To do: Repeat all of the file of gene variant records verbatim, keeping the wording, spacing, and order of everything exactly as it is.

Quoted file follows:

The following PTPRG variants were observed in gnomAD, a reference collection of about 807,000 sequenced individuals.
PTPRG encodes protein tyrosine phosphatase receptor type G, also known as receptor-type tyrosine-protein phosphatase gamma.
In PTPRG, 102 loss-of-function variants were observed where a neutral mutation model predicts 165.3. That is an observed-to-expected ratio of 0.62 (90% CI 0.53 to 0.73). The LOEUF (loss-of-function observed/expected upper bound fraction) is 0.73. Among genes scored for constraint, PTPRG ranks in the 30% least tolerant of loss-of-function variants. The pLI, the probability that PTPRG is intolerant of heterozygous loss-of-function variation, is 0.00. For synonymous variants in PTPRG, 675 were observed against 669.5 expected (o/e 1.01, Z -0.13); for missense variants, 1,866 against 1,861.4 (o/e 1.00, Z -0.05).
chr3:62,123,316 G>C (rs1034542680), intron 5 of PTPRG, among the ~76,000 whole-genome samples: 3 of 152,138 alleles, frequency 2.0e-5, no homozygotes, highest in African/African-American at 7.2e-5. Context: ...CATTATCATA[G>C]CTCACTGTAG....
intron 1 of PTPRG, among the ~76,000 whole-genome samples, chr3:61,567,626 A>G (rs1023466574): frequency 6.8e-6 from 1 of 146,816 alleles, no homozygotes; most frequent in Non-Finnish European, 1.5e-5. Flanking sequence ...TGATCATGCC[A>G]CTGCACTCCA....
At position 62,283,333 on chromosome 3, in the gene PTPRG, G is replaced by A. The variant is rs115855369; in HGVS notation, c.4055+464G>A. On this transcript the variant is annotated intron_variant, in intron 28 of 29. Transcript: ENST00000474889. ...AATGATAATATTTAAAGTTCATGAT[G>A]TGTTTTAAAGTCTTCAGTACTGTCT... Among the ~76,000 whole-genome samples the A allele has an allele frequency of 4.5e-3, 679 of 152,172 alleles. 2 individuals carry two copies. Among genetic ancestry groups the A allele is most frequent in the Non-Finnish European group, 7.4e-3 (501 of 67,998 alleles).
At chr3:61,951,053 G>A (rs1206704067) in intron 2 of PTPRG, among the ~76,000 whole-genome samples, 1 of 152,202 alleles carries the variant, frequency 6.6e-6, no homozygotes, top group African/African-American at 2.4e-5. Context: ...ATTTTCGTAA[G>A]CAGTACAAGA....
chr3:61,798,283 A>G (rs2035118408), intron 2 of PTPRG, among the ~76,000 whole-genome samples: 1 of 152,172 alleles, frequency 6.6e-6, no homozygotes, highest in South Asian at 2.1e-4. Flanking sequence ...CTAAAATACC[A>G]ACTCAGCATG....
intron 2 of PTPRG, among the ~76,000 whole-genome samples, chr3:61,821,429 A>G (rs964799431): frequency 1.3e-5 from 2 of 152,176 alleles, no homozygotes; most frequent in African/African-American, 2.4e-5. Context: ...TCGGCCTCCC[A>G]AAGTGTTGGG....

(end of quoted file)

The following PTPRG variants were observed in gnomAD, a reference collection of about 807,000 sequenced individuals.
PTPRG encodes protein tyrosine phosphatase receptor type G, also known as receptor-type tyrosine-protein phosphatase gamma.
In PTPRG, 102 loss-of-function variants were observed where a neutral mutation model predicts 165.3. That is an observed-to-expected ratio of 0.62 (90% CI 0.53 to 0.73). The LOEUF (loss-of-function observed/expected upper bound fraction) is 0.73. Among genes scored for constraint, PTPRG ranks in the 30% least tolerant of loss-of-function variants. The pLI, the probability that PTPRG is intolerant of heterozygous loss-of-function variation, is 0.00. For synonymous variants in PTPRG, 675 were observed against 669.5 expected (o/e 1.01, Z -0.13); for missense variants, 1,866 against 1,861.4 (o/e 1.00, Z -0.05).
chr3:62,123,316 G>C (rs1034542680), intron 5 of PTPRG, among the ~76,000 whole-genome samples: 3 of 152,138 alleles, frequency 2.0e-5, no homozygotes, highest in African/African-American at 7.2e-5. Context: ...CATTATCATA[G>C]CTCACTGTAG....
intron 1 of PTPRG, among the ~76,000 whole-genome samples, chr3:61,567,626 A>G (rs1023466574): frequency 6.8e-6 from 1 of 146,816 alleles, no homozygotes; most frequent in Non-Finnish European, 1.5e-5. Flanking sequence ...TGATCATGCC[A>G]CTGCACTCCA....
At position 62,283,333 on chromosome 3, in the gene PTPRG, G is replaced by A. The variant is rs115855369; in HGVS notation, c.4055+464G>A. On this transcript the variant is annotated intron_variant, in intron 28 of 29. Transcript: ENST00000474889. ...AATGATAATATTTAAAGTTCATGAT[G>A]TGTTTTAAAGTCTTCAGTACTGTCT... Among the ~76,000 whole-genome samples the A allele has an allele frequency of 4.5e-3, 679 of 152,172 alleles. 2 individuals carry two copies. Among genetic ancestry groups the A allele is most frequent in the Non-Finnish European group, 7.4e-3 (501 of 67,998 alleles).
At chr3:61,951,053 G>A (rs1206704067) in intron 2 of PTPRG, among the ~76,000 whole-genome samples, 1 of 152,202 alleles carries the variant, frequency 6.6e-6, no homozygotes, top group African/African-American at 2.4e-5. Context: ...ATTTTCGTAA[G>A]CAGTACAAGA....
chr3:61,798,283 A>G (rs2035118408), intron 2 of PTPRG, among the ~76,000 whole-genome samples: 1 of 152,172 alleles, frequency 6.6e-6, no homozygotes, highest in South Asian at 2.1e-4. Flanking sequence ...CTAAAATACC[A>G]ACTCAGCATG....
intron 2 of PTPRG, among the ~76,000 whole-genome samples, chr3:61,821,429 A>G (rs964799431): frequency 1.3e-5 from 2 of 152,176 alleles, no homozygotes; most frequent in African/African-American, 2.4e-5. Context: ...TCGGCCTCCC[A>G]AAGTGTTGGG....